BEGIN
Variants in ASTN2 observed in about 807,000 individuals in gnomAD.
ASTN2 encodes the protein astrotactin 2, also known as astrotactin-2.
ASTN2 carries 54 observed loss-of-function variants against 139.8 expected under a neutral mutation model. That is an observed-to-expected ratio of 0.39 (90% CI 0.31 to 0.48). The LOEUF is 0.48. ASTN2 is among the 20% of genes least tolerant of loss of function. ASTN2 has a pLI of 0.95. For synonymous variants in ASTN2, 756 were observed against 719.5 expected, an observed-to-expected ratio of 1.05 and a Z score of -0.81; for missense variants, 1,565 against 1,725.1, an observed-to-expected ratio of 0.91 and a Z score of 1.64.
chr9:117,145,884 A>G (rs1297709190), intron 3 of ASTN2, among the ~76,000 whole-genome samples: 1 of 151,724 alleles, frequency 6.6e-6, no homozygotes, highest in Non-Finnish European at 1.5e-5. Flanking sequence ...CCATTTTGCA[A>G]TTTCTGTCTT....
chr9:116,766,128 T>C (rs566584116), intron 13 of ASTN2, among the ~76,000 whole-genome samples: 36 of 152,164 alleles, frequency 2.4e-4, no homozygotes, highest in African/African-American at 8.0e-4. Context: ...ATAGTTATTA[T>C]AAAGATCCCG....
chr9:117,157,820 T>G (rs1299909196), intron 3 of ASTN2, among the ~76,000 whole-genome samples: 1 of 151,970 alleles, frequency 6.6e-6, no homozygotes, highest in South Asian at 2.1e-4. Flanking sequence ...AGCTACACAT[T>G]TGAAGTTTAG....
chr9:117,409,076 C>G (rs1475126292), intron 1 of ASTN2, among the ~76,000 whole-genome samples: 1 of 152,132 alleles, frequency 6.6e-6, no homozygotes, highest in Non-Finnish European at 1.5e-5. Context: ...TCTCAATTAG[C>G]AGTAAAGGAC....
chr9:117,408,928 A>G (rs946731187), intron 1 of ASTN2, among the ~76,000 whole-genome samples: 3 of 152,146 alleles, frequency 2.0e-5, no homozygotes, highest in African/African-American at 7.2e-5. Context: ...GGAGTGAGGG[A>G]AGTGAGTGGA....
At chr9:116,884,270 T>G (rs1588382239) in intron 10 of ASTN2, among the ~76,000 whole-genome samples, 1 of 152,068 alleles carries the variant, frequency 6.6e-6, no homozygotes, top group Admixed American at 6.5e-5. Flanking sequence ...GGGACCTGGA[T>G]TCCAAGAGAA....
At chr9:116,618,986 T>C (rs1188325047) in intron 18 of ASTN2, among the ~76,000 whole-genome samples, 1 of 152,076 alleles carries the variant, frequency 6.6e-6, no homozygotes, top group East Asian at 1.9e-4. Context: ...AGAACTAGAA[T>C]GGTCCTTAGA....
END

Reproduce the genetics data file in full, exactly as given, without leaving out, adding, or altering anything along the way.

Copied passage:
Variants in ASTN2 observed in about 807,000 individuals in gnomAD.
ASTN2 encodes the protein astrotactin 2, also known as astrotactin-2.
ASTN2 carries 54 observed loss-of-function variants against 139.8 expected under a neutral mutation model. That is an observed-to-expected ratio of 0.39 (90% CI 0.31 to 0.48). The LOEUF is 0.48. ASTN2 is among the 20% of genes least tolerant of loss of function. ASTN2 has a pLI of 0.95. For synonymous variants in ASTN2, 756 were observed against 719.5 expected, an observed-to-expected ratio of 1.05 and a Z score of -0.81; for missense variants, 1,565 against 1,725.1, an observed-to-expected ratio of 0.91 and a Z score of 1.64.
chr9:117,145,884 A>G (rs1297709190), intron 3 of ASTN2, among the ~76,000 whole-genome samples: 1 of 151,724 alleles, frequency 6.6e-6, no homozygotes, highest in Non-Finnish European at 1.5e-5. Flanking sequence ...CCATTTTGCA[A>G]TTTCTGTCTT....
chr9:116,766,128 T>C (rs566584116), intron 13 of ASTN2, among the ~76,000 whole-genome samples: 36 of 152,164 alleles, frequency 2.4e-4, no homozygotes, highest in African/African-American at 8.0e-4. Context: ...ATAGTTATTA[T>C]AAAGATCCCG....
chr9:117,157,820 T>G (rs1299909196), intron 3 of ASTN2, among the ~76,000 whole-genome samples: 1 of 151,970 alleles, frequency 6.6e-6, no homozygotes, highest in South Asian at 2.1e-4. Flanking sequence ...AGCTACACAT[T>G]TGAAGTTTAG....
chr9:117,409,076 C>G (rs1475126292), intron 1 of ASTN2, among the ~76,000 whole-genome samples: 1 of 152,132 alleles, frequency 6.6e-6, no homozygotes, highest in Non-Finnish European at 1.5e-5. Context: ...TCTCAATTAG[C>G]AGTAAAGGAC....
chr9:117,408,928 A>G (rs946731187), intron 1 of ASTN2, among the ~76,000 whole-genome samples: 3 of 152,146 alleles, frequency 2.0e-5, no homozygotes, highest in African/African-American at 7.2e-5. Context: ...GGAGTGAGGG[A>G]AGTGAGTGGA....
At chr9:116,884,270 T>G (rs1588382239) in intron 10 of ASTN2, among the ~76,000 whole-genome samples, 1 of 152,068 alleles carries the variant, frequency 6.6e-6, no homozygotes, top group Admixed American at 6.5e-5. Flanking sequence ...GGGACCTGGA[T>G]TCCAAGAGAA....
At chr9:116,618,986 T>C (rs1188325047) in intron 18 of ASTN2, among the ~76,000 whole-genome samples, 1 of 152,076 alleles carries the variant, frequency 6.6e-6, no homozygotes, top group East Asian at 1.9e-4. Context: ...AGAACTAGAA[T>C]GGTCCTTAGA....